A 2013 survey of residents in the Marrickville Local Government Area found that most people like having greenery in their suburbs. Of course. But what the survey doesn’t mention is that householders also like to park close to their homes and businesses don’t want customers put off by lack of parking. Until a whole lot of things in the world change, this reliance on cars and the need for parking isn’t going to go away. In-road planting is an impractical component of the urban forest strategy and would have measurable social and economic costs. An ideological commitment to such a component would have a detrimental, not a beneficial, effect on the local area. Small trees, please.
New trees have been planted in Cavendish Street, Enmore, but for pavement fanciers the interest lies in the method used to install them. The process was far more complex than simply plonking a tree in a hole. It involved such things as ‘in-road planting’ and ‘structural soil’ and ‘plastic cells’ and ‘permeable paving’ – all designed to address ‘multiple issues, including impact of trees on infrastructure, safety of footpaths, enhancement of the urban tree canopy, landscape amenity and urban water management’.* And preventing the road surface from cracking or caving in.
Marrickville Council seems pretty pleased with the project, which is the first of its kind for this municipality, and maybe for the whole of Sydney. It’s been interesting watching the process, but I have some misgivings.
It all started more than three years ago, when Marrickville Council began removing very large fig trees from the footpaths on the street. Although enjoyed by birds and bats, these trees broke up the paving and invaded underground pipes. I wrote a blog post about local mourning when the first tree was removed.
The story resumes in April this year, and here’s how it goes. The Council excavates three huge rectangular pits in the street, digging deep down into the clay beneath the surface of the road.
Underground infrastructure, including gas pipes, is adjusted and gravel is spread in the bottom of each hole.
Next, a layer of large plastic cells is positioned in the pit and ‘structural soil’ is tipped in between them. Another layer of cells and soil is added, this time with a rectangular hole in the centre fenced off with plywood formwork. As I understand it, the plastic cells act as support for the roadway above; the structural soil is a mix of gravel and loam that resists being compacted and allows tree roots to spread and grow.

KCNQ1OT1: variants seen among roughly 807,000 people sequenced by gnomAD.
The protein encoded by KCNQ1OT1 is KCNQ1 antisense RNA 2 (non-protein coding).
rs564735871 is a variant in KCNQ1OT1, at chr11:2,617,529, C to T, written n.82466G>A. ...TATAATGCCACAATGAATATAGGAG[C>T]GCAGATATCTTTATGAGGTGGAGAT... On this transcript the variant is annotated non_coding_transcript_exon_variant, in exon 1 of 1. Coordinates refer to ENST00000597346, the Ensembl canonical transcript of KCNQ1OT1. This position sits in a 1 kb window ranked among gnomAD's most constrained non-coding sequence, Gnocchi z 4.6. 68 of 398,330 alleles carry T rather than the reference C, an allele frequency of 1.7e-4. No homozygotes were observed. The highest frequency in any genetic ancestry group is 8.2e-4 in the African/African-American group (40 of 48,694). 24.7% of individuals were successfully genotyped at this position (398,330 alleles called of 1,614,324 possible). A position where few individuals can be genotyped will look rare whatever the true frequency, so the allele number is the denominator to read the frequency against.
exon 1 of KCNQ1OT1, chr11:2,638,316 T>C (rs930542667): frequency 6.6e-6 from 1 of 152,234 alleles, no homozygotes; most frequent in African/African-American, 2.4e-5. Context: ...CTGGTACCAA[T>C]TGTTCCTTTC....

Over the soil comes a layer of geotextile then another layer of gravel.
Concreters build retaining edges around the central tree hole to form a ‘blister’. This will prevent cars bumping into the tree trunk.
Permeable pavers are laid. Rain falling on the road will flow towards this area of porous paving. This means that street run-off will infiltrate the tree pits instead of gushing down the gutters and into stormwater drains.
Within a day or so, on a nice rainy morning, advanced trees are lifted into the central hole, the formwork is removed and more soil is tipped around the large root ball. The three trees are Waterhousia floribunda ‘Green Avenue’, a cultivar of the rainforest Weeping Lilli Pilli that is expected to grow to 16 metres.
The project is not quite finished. A garden will be planted inside each blister. But the safety fencing has been replaced by witches’ hats and the official photographer has been sent to take photos for Council publications. As the unofficial photographer and busybody I’m rushing into e-print with this blog post.
In my next post I will talk about how my admiration for this aboricultural and civil engineering feat is tempered by reservations about the push and pull of local council policies.
*Marrickville Matters, December 2013, p.9.
The public artwork by Jason Wing in Chinatown is so appealing that night-time shots of it – like images of the Opera House – are frequently used in promotional material to illustrate just how artistic/ vibrant/ innovative/ cultural/ multicultural Sydney really is. Commissioned by the City of Sydney in 2011, Between Two Worlds incorporates ‘themes of heaven and earth, the elements, and respect for ancestors past and present ‘.
At night the glowing blue spirit figures suspended over the dingy service lane are visually dominant, but in the daytime it is the ‘auspicious clouds’ on the roadway and walls that first catch the eye.